The English language and the construction of cultural and social identity in Zimbabwean and Trinbagonian literatures
Bamiro, Edmund Olushina
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The present study employs the frameworks of postcolonial literary theory, sociolinguistics, and the social psychology of language use to compare the nature, function, and meaning of English in the delineation of cultural and social identities in anglophone Zimbabwean and Trinbagonian literatures. The construction of cultural and social identities in these literatures inheres in how certain Zimbabwean and Trinbagonian novelists use various linguistic devices to contextualize the English language in their respective cultures, and how they employ the English language to articulate and reinforce colonial, counter-colonial, and other heteroglossic social discourses arising from conflicts of race, class, and gender in the Zimbabwean and Trinbagonian contexts. Chapter One outlines the nature of the research and sets up the terms and categories that will feature prominently in the analysis. Chapter Two examines the place of English in the socio-economic and cultural history of Zimbabwe and of Trinidad and Tobago, and offers a description of the indigenous or other national languages which play prominent roles in the linguistic configuration of the two nations. The chapter also critically reviews the attitudes of some prominent post-colonial writers, particularly from the African and Caribbean regions, to the use of English as a medium of artistic creativity. Chapter Three engages with narrative idiom and characters' idioms and comments as they relate to (a)the nativization of English in selected Zimbabwean novels and the use of English and other indigenous languages for articulating social norms and certain situational imperatives, and (b) the power and politics of English as an instrument for domination, manipulation, oppression, the construction of elitist identity, the reproduction of unequal power relations, and of resistance to such social injustice. Chapter Four addresses issues discussed in Chapter Three, but with reference to the Trinbagonian literary context. Chapter Five, the conclusion, synthesizes the arguments by pointing out the sociolinguistic similarities and differences between Zimbabwean and Trinbagonian Literatures analyzed in the study. Furthermore, the concluding chapter not only indicates the values of an interdisciplinary project such as this one for both linguistics and literary studies, but it also delineates certain research options for the future. The dissertation generally concludes that the construction of Zimbabwean and Trinbagonian identities in and through language can be read as a mode of resistance to the homogenizing, assimilative practices of colonialism and neo-colonialism. Thus, the detailed documentation provided in this study of the range of linguistic and socio-cultural differences between Zimbabwean and Trinbagonian literatures on the one hand, and other works of English (especially the acrolectal varieties) on the other, establishes that while there is no single, stable Zimbabwean or Trinbagonian identity that is constituted in the language of literary texts to set up in contrast to an imperial British or American one, the fact of differences is indisputable.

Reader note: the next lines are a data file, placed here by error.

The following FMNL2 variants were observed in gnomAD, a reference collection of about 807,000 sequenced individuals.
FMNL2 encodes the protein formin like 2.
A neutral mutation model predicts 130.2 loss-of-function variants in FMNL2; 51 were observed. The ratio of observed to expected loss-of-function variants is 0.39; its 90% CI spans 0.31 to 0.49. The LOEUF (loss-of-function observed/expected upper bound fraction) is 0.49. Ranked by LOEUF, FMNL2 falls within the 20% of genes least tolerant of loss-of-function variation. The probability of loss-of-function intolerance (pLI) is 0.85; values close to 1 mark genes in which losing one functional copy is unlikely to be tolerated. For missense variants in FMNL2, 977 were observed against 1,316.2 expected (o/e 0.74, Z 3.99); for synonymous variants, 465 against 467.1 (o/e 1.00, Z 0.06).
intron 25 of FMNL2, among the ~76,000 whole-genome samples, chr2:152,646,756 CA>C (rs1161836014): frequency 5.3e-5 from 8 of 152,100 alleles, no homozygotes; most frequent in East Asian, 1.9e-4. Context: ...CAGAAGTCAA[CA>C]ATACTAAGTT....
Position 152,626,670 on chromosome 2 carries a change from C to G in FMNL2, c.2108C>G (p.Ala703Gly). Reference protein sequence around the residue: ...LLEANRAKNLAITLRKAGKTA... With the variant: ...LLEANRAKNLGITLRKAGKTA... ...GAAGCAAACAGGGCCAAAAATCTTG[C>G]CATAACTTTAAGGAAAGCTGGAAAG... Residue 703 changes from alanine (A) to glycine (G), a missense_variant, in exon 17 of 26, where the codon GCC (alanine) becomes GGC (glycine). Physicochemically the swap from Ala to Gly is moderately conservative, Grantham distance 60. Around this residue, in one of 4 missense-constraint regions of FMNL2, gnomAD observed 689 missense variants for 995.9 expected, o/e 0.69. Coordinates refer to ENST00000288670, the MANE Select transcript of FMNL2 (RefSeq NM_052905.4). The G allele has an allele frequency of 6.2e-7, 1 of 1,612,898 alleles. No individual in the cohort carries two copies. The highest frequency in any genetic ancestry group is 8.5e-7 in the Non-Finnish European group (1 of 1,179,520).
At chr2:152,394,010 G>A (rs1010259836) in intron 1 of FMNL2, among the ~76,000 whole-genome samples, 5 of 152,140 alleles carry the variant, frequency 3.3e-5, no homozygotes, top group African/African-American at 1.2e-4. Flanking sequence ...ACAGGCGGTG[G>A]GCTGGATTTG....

DegreeDoctor of Philosophy (Ph.D.)
Copyright DateSeptember 1997
Trinidad - literature
Zimbabwe - literature
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